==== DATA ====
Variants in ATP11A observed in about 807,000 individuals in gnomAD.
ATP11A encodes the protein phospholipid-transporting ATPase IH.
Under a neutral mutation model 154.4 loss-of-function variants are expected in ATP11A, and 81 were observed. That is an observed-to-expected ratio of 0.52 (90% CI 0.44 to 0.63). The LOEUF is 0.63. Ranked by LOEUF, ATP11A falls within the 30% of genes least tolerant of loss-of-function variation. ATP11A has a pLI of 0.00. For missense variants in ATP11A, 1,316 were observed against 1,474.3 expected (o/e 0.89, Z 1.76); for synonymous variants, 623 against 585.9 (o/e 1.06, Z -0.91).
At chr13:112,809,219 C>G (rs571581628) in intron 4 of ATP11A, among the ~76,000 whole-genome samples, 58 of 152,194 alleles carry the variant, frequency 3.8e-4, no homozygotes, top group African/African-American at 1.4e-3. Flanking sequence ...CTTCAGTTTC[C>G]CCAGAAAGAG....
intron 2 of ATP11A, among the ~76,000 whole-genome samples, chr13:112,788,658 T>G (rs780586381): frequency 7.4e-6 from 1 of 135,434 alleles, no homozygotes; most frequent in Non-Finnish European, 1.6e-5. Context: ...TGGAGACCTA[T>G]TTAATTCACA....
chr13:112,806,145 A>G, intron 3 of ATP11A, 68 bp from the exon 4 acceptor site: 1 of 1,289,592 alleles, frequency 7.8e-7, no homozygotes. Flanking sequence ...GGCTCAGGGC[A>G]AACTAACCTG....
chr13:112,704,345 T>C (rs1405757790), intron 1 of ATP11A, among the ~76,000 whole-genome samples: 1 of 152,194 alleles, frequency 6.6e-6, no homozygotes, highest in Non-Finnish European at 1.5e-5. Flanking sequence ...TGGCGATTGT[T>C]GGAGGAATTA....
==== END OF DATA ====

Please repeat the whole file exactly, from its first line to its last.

Variants in ATP11A observed in about 807,000 individuals in gnomAD.
ATP11A encodes the protein phospholipid-transporting ATPase IH.
Under a neutral mutation model 154.4 loss-of-function variants are expected in ATP11A, and 81 were observed. That is an observed-to-expected ratio of 0.52 (90% CI 0.44 to 0.63). The LOEUF is 0.63. Ranked by LOEUF, ATP11A falls within the 30% of genes least tolerant of loss-of-function variation. ATP11A has a pLI of 0.00. For missense variants in ATP11A, 1,316 were observed against 1,474.3 expected (o/e 0.89, Z 1.76); for synonymous variants, 623 against 585.9 (o/e 1.06, Z -0.91).
At chr13:112,809,219 C>G (rs571581628) in intron 4 of ATP11A, among the ~76,000 whole-genome samples, 58 of 152,194 alleles carry the variant, frequency 3.8e-4, no homozygotes, top group African/African-American at 1.4e-3. Flanking sequence ...CTTCAGTTTC[C>G]CCAGAAAGAG....
intron 2 of ATP11A, among the ~76,000 whole-genome samples, chr13:112,788,658 T>G (rs780586381): frequency 7.4e-6 from 1 of 135,434 alleles, no homozygotes; most frequent in Non-Finnish European, 1.6e-5. Context: ...TGGAGACCTA[T>G]TTAATTCACA....
chr13:112,806,145 A>G, intron 3 of ATP11A, 68 bp from the exon 4 acceptor site: 1 of 1,289,592 alleles, frequency 7.8e-7, no homozygotes. Flanking sequence ...GGCTCAGGGC[A>G]AACTAACCTG....
chr13:112,704,345 T>C (rs1405757790), intron 1 of ATP11A, among the ~76,000 whole-genome samples: 1 of 152,194 alleles, frequency 6.6e-6, no homozygotes, highest in Non-Finnish European at 1.5e-5. Flanking sequence ...TGGCGATTGT[T>C]GGAGGAATTA....